The subplot with Shawn was pretty good and there were some tense moments when it seemed Shawn was going to kill Gabriel Hewitt. Still, I found the subplot a bit of a departure from the realism for which the show aims -- on the first level, regarding the details of human interaction and, on the second, the political insight the show usually does so well. Gabriel Hewitt's remarks to the media seemed a bit too obviously against Shawn for his identity as a 4400. While this would definitely be emphasized in a real campaign, politicians usually use code language to avoid appearing bigoted. Then again, the perceived threat of The 4400 might allow people to be so overt; talk radio (including Glen Beck) certainly has no trouble taking shots at Muslims and Arabs as inherently inferior, I suppose. What I found most unbelievable was Hewitt's confession to Shawn that he had nothing against him personally, but was just using the national platform his campaign brought to elevate himself in the public spotlight. I just can't imagine a ruthless political rival speaking so honestly if he expects to win, even if the motivations Hewitt revealed were a refreshingly unique and believable spin on the usual depiction of campaigns.
The political commentary of the Shawn/Hewitt/Diana/Maia storyline was what I found especially lacking because it employed such an obvious and cliché set of Nazi themes of persecution. So often recalled in sci-fi and other forms of Western storytelling and exploited for dramatic foreboding, threats of totalitarian Communism and Nazism are actually rarer than the more subtle and much more widespread economic and social discrimination and other forms of human cruelty that have occurred in history and, with our electoral consent in present times, continue to threaten human beings. As a result, viewers may take the message to wait until Nazi-like circumstances surround them before taking a stand, when there are so many other ways in which human viciousness manifests itself -- often with democratic consent. While themes reflecting the threats of Communism and Nazism are worth remembering, their continual emphasis in American culture reflects less their relevance as continuing challenges to the human experience than the fact these were threats to America and its peoples. Obsession with these experiences reflects a kind of nationalist bias in which America's cultural practices of excessive individualism and capitalist profit priorities are never questioned; only the institution of slavery is emphasized comfortably because it can be relegated to the distant past as unAmerican.
The complex challenges facing American society within and without are far more indicative of those facing other societies, where the extreme circumstances leading to and part of Nazism and totalitarian Communism are unlikely to occur, and where the lessons of these political organizations are inapplicable. It would be more worthwhile to explore actions that have been practiced by the American government since its inception toward native Americans and other ethnic groups (colonialism), and toward Latin America and other peoples the world over indirectly through support of despotic regimes (in the name of anti-Communism) or defense of exploitative multilateral corporations (neo-colonialism, Capitalism, neo-liberalism) which don't take the form of overt Nazi fascism but have shattered many lives and their hopes for democratic freedom and equality. Many other societies are guilty of or likely to practice comparable actions, which means there is a greater truth and likelihood to the human experience we can decipher when we examine such frequently-occurring human activity.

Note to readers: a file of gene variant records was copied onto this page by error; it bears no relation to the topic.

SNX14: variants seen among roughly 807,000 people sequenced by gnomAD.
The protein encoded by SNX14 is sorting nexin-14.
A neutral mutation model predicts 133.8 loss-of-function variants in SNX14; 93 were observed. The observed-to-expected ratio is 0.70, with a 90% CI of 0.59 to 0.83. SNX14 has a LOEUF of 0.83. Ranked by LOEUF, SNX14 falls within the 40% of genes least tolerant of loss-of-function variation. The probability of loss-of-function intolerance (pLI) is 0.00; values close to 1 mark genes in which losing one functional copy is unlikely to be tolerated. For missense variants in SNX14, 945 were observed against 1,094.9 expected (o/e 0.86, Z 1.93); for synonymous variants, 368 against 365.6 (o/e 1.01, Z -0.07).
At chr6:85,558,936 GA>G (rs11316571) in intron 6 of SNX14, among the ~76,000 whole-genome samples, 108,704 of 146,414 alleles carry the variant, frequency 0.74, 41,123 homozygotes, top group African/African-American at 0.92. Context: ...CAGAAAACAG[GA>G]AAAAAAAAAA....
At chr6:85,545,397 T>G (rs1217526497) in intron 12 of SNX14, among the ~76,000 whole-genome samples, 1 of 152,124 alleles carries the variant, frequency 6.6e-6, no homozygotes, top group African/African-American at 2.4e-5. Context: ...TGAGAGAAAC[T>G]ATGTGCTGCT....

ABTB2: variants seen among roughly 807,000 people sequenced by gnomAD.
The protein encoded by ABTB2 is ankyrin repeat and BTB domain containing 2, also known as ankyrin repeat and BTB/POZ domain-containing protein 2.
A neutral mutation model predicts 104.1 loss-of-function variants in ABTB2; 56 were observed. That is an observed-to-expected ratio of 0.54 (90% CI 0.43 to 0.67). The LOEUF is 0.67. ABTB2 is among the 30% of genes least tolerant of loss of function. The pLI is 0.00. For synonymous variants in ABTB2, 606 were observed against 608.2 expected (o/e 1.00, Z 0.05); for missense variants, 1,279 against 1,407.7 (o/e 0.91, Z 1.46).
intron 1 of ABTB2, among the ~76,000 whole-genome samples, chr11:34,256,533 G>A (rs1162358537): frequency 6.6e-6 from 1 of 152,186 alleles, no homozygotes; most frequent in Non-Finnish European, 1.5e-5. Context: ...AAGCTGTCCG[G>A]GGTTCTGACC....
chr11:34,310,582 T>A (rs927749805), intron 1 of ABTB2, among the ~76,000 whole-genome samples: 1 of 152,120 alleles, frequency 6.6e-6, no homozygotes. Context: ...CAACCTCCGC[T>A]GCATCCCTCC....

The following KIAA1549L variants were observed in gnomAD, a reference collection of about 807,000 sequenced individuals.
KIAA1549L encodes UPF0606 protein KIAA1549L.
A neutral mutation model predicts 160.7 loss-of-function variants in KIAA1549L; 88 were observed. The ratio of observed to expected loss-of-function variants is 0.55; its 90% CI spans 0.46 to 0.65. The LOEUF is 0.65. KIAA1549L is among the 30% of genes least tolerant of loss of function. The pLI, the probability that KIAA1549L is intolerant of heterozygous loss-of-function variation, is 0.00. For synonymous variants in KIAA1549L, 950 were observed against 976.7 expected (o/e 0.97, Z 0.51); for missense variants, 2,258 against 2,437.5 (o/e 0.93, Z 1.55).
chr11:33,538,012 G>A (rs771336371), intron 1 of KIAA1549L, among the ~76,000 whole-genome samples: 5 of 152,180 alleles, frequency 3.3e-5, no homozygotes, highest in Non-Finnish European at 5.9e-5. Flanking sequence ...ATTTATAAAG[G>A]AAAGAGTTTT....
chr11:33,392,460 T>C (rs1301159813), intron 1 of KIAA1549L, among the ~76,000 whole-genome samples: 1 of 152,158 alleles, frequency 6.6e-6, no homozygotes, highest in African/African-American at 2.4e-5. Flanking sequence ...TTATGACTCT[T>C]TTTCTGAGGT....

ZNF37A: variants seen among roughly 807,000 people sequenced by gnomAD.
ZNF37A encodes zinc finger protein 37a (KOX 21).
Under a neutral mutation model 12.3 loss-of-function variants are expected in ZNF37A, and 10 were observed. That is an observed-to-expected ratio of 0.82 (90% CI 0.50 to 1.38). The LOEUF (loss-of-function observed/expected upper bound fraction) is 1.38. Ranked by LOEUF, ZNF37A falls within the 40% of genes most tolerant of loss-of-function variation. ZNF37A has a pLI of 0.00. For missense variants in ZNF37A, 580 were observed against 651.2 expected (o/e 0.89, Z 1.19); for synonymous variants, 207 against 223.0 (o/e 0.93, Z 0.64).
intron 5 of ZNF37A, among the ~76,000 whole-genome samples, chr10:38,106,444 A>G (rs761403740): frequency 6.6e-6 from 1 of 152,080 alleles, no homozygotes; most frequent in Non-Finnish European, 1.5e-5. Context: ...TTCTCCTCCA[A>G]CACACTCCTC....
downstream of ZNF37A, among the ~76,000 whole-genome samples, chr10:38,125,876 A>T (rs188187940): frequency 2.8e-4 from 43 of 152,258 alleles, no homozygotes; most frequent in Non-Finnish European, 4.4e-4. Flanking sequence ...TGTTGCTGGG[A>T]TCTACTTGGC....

Here are two examples of how complicated it is to deal with cruelty when it's not caused by the obvious form of Nazi oppression and intentional harm, but by conflicting freedoms and interests when creating justice for one group creates injustice for another; these scenarios are easily the most frequent causes of injustice, when citizens of more powerful peoples have to take responsibility for their government's policies' unintended consequences, and make hard choices. During the Cold War, the US endorsed unimpeded international capitalism when it favored its interests, while protecting its manufacturers and farmers with tariffs. This allowed America's United Fruit Company to bribe the Guatemalan government to let it confiscate common land shared by natives and establish bogus property rights. The UFC turned natives into an exploited labor force if they wanted to stay, and made them into indentured servants to work off the debt from advancing them useless supplies. The UFC replaced subsistence crops on which the inhabitants lived with cash crops that were poor in nutrition, so they had to enter this new economy to have money to buy food from elsewhere to survive. I saw a documentary a year ago about either Chile or Argentina, in which a multinational corporation is still exploiting people this way. Complete freedom of capital sometimes means the powerless lose their freedom. In this light, the American means of combating Communism could be as bad for non-Americans as the totalitarian threat they were claiming to destroy.
Similarly, sensitivity toward the terrible trauma of the Holocaust has led much of the West to absolve itself of guilt for allowing its historic anti-Semitism to reach such proportions by giving Israel carte blanche in the Middle East, and labeling the Arab reaction as inherently irrational as that which motivated Hitler In compensation for that tragedy toward European Jewry, the West and especially the US have turned a blind eye toward their support for inhumane aspects involved in ensuring a secure home for Zionist Jews – namely, Israeli colonialism and ethnic cleansing of Palestinians who lived there. The worthwhile principle of defending any social group (Jews, Rwandan Tutsis or anyone else) has become confused with permitting members of a historically-targeted group (Israeli Jews) to engage in aggression against another (Palestinians and Lebanese). The obsession with Nazi racism has permitted Zionist colonialism, in the name of self-defense, to victimize Palestinians, whose grievances are not due to religious identity but practical concerns. Yet all this (in addition to US Cold War interference with democratic roots in the Middle East) has helped the growth of misguided anti-Semitism and anti-Americanism in the Muslim world, which is upset by the Palestinian plight. In both these examples, American policy favored justice for one group in such a way that it created injustice for another. It supported the capitalist rights of US corporations, based on the entrepreneurial spirit that building wealth would supposedly trickle down to the poor (though it didn't), and disregarded the rights of Latin Americans, especially the lower class Indios. In the second case, it supported the goals of traumatized Zionist Jews and sympathetic evangelical Christians (President Truman, who supported the creation of Israel against the warnings of many including Secy of State George Marshall, would not let Jews into his home, but believed in the End Times prophesy.) but totally ignored the rights of Palestinians. The latter were chased out of their homes by militant Zionists, and had to live in squalor in refugee camps. Indeed, many liberal Jews (some in Israel) have opposed the occupation or, at least, further settlement of disputed land.